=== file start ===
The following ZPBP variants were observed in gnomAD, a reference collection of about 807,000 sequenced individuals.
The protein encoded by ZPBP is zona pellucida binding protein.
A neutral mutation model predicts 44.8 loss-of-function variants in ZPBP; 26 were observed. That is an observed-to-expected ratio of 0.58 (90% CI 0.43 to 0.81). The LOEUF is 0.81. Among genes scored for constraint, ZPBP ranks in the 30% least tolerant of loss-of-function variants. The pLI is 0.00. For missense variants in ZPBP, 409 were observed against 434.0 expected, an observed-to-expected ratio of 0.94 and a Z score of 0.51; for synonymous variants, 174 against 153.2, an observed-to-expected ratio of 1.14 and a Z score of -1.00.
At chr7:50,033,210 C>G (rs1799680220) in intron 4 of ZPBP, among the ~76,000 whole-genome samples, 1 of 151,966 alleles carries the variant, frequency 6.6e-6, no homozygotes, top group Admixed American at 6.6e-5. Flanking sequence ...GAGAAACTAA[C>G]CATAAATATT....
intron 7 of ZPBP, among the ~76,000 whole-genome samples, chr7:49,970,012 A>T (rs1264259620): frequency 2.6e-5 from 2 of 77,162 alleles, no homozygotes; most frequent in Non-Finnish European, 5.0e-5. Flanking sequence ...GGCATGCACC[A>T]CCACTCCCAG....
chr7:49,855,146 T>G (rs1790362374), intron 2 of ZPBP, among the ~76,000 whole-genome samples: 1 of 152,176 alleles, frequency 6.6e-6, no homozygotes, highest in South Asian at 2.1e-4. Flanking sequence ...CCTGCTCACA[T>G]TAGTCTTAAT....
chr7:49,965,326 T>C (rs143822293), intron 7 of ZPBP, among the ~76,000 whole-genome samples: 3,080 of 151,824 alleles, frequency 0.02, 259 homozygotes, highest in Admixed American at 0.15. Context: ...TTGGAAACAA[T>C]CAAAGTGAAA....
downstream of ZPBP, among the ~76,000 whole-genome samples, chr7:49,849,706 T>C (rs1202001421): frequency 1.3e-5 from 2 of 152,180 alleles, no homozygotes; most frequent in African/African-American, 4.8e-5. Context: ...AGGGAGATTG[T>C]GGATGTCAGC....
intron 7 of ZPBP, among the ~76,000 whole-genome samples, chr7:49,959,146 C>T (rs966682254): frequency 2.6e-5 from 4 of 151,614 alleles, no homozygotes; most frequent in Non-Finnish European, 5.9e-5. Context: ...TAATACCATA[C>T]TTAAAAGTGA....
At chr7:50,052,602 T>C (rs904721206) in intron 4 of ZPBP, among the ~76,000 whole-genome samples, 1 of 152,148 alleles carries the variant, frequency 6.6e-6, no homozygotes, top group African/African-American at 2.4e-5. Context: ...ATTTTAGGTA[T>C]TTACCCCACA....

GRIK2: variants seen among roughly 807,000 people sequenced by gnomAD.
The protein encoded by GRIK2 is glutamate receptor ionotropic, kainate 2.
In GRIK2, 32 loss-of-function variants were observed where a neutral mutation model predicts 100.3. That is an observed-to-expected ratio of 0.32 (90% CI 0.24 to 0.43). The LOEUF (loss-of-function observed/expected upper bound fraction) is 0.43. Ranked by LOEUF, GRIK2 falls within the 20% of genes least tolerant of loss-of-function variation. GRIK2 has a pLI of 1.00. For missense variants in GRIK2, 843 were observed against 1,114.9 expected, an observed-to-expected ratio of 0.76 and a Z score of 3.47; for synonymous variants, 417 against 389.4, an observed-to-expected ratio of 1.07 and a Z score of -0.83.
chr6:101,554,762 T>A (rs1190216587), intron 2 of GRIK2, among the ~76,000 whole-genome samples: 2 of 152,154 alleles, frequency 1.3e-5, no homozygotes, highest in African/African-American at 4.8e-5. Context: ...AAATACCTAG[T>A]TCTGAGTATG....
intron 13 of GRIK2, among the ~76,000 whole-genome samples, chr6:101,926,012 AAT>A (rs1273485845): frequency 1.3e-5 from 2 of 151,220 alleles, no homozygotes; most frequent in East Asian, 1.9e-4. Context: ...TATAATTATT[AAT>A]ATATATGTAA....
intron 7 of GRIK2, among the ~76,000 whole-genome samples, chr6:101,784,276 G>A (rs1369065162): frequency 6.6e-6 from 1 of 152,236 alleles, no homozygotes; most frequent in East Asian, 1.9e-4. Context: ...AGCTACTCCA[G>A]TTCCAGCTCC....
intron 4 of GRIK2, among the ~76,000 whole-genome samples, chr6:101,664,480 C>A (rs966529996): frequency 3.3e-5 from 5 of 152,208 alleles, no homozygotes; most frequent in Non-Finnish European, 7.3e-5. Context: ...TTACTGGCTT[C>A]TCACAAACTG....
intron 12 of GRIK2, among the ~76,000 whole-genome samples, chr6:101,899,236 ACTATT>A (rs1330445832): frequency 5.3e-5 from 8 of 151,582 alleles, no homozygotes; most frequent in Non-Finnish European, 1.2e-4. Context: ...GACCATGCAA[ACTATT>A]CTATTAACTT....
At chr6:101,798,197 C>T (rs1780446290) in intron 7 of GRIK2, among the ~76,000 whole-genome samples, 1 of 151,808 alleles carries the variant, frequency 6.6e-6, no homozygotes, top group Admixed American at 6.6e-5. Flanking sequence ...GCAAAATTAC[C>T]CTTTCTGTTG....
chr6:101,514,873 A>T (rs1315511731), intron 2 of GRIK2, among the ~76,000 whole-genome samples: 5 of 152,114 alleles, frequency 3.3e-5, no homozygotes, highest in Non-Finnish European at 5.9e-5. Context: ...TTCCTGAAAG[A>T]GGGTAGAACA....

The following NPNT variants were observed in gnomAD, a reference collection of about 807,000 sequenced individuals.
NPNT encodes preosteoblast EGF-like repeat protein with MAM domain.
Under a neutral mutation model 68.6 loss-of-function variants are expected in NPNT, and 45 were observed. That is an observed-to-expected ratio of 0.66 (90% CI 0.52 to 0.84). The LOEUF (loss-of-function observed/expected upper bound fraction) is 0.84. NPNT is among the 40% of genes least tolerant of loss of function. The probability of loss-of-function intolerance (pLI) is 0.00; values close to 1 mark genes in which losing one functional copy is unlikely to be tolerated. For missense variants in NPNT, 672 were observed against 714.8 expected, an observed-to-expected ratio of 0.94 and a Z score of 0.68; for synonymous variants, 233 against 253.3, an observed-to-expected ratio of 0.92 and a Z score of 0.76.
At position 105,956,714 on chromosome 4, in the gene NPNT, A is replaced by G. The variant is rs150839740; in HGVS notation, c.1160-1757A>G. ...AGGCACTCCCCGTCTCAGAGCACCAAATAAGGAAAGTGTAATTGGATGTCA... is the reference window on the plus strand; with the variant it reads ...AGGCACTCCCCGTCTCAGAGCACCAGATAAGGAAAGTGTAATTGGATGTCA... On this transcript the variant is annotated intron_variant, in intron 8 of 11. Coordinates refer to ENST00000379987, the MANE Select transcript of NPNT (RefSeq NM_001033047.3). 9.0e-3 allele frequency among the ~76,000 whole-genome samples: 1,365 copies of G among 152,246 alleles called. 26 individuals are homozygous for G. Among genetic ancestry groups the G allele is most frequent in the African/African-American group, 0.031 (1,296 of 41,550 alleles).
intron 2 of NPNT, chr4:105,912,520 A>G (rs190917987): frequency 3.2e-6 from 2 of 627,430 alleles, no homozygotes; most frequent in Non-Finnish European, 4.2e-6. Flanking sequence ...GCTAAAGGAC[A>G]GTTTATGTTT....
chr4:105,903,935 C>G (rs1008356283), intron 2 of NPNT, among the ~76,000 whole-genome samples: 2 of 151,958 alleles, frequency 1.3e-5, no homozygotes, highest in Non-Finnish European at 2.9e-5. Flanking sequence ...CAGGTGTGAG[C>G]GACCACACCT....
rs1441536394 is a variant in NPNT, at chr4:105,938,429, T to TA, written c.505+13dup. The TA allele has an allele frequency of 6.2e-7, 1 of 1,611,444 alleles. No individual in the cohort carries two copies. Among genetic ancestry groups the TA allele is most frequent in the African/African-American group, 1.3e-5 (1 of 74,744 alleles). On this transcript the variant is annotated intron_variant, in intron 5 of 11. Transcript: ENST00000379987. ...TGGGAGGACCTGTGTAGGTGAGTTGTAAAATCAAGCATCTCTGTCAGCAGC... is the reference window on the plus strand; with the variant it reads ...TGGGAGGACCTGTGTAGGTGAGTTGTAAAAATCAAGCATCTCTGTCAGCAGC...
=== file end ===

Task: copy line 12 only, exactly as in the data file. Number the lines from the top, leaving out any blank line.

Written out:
The protein encoded by GRIK2 is glutamate receptor ionotropic, kainate 2.